Communications ch.8

  1. Recent surveys confirm that the most  job skill you can obtain is 

    p. 148
    effective oral communication
  2. Public speaking is not just the actual presentation; it also requires preparation.  What information must be gathered... 

    • Information about your audience - often thru listening and interviewing
    • Collecting other forms of evidence and support
  3. Name the 7 elements of the Process of Public Speaking ( a model for speech preparation)

    p. 149 Fig 8.1
    • 1. Understanding your assignment & identifying our purpose
    • 2. Brainstorming a subject & select your topic
    • 3. Developing your thesis
    • 4. Conducting your research
    • 5. Preparing outlines & visual aids
    • 6. Practicing your speech
    • 7. Presenting your speech
  4. What is the general purpose of a speech?

    p. 152
    • 1. To entertain, inspire, or celebrate special occasions
    • 2. To inform
    • 3. To persuade
  5. Informative vs persuasive speeches

    p. 151
    Informative - speeches that instruct or assist the audience in gaining understanding

    Persuasive - speeches that stimulate an audience to reaffirm or alter beliefs or encourage the adoption of new behaviors or the continuation of past behaviors
  6. Characteristics of an informative speech

    p. 151 Table 8.1
    • 1. Intent of speech - to explain, define, demonstrate
    • 2. Topic - A process, concept, or activity
    • 3. Desired Audience Response - To understand
    • 4. Speaker's Role - Teacher
    • 5. Appeals - Mostly credibility and logic
  7. Characteristics of a persuasive speech

    p. 151 Table 8.1
    • 1. Intent of Speech - To alter belief or action, reinforce
    • 2. Topic - A proposition or claim
    • 3. Desired Audience Response - To believe or do
    • 4. Speaker's Role - Advocate
    • 5. Appeals - Credibility, logic, and emotion
  8. Why is it important to know the distinction between an informative speech and a persuasive speech?

    Because it helps you to envision your goal of giving either an informative or persuasive speech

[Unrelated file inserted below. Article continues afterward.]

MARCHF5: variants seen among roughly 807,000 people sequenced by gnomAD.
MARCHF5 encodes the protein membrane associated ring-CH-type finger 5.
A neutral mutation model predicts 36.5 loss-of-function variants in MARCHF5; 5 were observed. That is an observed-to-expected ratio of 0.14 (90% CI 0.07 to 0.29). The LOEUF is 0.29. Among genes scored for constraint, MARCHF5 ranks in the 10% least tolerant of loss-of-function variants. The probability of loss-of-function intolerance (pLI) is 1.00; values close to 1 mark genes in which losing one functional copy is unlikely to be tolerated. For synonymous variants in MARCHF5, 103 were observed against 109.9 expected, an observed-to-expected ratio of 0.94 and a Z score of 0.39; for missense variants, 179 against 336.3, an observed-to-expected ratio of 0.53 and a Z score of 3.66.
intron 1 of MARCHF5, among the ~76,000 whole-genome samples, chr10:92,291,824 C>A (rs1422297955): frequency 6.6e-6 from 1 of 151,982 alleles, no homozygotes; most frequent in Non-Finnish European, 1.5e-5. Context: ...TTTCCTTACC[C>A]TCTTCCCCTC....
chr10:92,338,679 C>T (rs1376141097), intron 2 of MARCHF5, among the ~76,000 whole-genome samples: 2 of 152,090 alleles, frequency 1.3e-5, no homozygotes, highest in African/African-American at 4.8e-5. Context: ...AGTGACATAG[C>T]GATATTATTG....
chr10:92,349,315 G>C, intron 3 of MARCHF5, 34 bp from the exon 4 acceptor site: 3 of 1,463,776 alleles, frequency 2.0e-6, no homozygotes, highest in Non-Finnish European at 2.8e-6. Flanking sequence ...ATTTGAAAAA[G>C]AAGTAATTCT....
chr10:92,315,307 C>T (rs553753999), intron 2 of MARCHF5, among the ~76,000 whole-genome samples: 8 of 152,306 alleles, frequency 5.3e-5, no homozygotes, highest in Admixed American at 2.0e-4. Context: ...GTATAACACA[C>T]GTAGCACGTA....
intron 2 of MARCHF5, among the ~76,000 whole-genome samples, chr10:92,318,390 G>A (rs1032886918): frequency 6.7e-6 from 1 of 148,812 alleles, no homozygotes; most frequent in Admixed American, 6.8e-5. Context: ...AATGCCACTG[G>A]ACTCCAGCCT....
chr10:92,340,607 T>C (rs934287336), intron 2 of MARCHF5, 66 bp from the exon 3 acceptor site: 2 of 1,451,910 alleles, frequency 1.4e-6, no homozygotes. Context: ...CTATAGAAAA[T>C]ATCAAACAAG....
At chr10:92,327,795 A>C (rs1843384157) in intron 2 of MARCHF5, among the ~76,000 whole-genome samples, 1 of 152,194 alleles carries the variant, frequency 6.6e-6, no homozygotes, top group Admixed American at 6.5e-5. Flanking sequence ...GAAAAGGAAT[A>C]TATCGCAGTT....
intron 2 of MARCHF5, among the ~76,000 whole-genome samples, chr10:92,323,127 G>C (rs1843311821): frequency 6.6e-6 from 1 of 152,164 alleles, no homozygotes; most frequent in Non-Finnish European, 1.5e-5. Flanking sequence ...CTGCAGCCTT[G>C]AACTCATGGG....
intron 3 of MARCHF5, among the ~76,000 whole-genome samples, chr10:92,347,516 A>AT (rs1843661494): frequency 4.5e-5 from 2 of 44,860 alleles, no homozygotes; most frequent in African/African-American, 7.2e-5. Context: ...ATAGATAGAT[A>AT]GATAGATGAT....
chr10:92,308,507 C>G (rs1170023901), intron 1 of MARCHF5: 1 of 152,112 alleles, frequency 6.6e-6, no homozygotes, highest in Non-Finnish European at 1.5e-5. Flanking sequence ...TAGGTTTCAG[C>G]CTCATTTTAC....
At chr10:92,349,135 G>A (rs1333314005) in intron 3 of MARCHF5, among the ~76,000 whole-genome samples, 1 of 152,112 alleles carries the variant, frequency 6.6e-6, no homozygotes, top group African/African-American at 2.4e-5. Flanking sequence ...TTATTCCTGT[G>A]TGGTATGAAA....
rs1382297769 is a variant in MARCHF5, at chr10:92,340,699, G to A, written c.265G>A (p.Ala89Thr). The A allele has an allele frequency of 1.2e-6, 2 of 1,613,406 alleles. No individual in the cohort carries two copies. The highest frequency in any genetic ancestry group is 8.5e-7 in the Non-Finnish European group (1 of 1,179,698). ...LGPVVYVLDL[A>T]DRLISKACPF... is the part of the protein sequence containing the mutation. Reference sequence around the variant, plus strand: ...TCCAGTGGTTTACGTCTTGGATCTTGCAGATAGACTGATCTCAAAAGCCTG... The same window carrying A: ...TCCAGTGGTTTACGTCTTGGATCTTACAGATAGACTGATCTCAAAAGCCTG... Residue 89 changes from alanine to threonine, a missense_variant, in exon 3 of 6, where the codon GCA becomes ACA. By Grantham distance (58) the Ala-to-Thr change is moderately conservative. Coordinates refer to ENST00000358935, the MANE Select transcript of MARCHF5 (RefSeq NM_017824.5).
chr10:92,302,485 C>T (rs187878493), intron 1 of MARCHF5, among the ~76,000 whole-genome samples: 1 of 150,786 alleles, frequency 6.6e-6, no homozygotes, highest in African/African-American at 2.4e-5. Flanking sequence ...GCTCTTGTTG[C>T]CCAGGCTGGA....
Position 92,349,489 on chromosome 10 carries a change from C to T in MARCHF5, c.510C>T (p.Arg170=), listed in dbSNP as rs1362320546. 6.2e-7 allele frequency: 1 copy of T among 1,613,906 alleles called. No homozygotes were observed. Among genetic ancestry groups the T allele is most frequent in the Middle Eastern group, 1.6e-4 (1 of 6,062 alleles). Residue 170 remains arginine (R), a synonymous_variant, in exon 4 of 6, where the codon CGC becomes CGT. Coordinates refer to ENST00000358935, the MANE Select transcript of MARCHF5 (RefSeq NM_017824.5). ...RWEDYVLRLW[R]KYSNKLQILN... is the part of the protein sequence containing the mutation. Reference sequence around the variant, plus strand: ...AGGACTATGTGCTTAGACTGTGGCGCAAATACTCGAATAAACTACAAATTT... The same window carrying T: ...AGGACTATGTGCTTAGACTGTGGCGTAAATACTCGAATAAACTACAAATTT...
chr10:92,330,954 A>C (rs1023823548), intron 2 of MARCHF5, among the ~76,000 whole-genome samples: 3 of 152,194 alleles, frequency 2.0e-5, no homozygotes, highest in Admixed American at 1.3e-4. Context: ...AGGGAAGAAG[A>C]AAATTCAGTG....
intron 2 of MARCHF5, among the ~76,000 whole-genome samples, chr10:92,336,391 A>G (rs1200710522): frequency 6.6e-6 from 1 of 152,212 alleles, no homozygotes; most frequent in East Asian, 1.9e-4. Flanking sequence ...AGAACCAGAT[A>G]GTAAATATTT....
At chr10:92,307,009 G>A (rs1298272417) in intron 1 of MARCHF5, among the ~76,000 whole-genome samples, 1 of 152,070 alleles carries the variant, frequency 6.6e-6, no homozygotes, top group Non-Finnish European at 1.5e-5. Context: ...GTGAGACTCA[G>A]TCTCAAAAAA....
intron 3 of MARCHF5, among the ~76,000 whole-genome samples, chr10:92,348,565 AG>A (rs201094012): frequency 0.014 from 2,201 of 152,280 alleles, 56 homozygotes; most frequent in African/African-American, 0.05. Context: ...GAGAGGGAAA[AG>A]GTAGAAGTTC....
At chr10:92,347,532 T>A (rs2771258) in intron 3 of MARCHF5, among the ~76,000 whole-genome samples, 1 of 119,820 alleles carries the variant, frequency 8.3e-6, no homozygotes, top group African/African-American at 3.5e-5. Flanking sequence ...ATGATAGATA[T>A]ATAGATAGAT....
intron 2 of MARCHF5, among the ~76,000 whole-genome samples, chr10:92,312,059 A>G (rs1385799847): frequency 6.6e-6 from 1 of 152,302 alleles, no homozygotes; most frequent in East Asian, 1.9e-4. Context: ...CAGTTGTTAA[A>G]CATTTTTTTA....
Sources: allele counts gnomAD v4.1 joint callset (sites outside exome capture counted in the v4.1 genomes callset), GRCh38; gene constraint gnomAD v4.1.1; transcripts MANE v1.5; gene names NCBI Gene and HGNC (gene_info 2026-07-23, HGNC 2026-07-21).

9. What is a purpose statement?

    • 1. "I want my audience to..." allows you to focus on what you want your audience to gain from your presentation
    • 2. Reminds you that public speaking is an interaction between the speaker and the audience
    • 3. Helps you consider how this statement relates to your intended audience
  10. Describe the template for writing specific purpose statements

    p.152 Fig 8.2
    Specific Purpose Statement = I want my audience to... + Informative or persuasive descriptor + Summary of the topic
  11. "Descriptors" for Special Occasion Speeches

    p.152 Table 8.2
    • Celebrate
    • Recognize
    • Remember
    • Enjoy
    • Laugh at
    • Reflect on
    • Dedicate

    Example - "I want my audience members to celebrate their success at ..."
  12. "Descriptors" for Informative  Speeches

    p.152 Table 8.2
    • Understand
    • Learn
    • Know
    • Comprehend
    • Appreciate
    • Absorb
    • Explain

    (teacher) Ex: " I want my audience to know that..."
  13. "Descriptors" for Persuasive Speeches

    p.152 Table 8.2
    • Believe
    • Agree
    • Begin to
    • Cease to
    • Choose to
    • Purchase 
    • Select
    • (advocate) Ex: I want my audience to agree that there are three solid reasons for...
  14. 2 ways to select a subject for your speech

    p. 153
    • Brainstorming
    • Audience perspective - characteristics of the audience
  15. Describing brainstorming when selecting a speech subject

    p. 153
    Allowing the thought process to flow freely
  16. Describe audience perspective when selecting a speech subject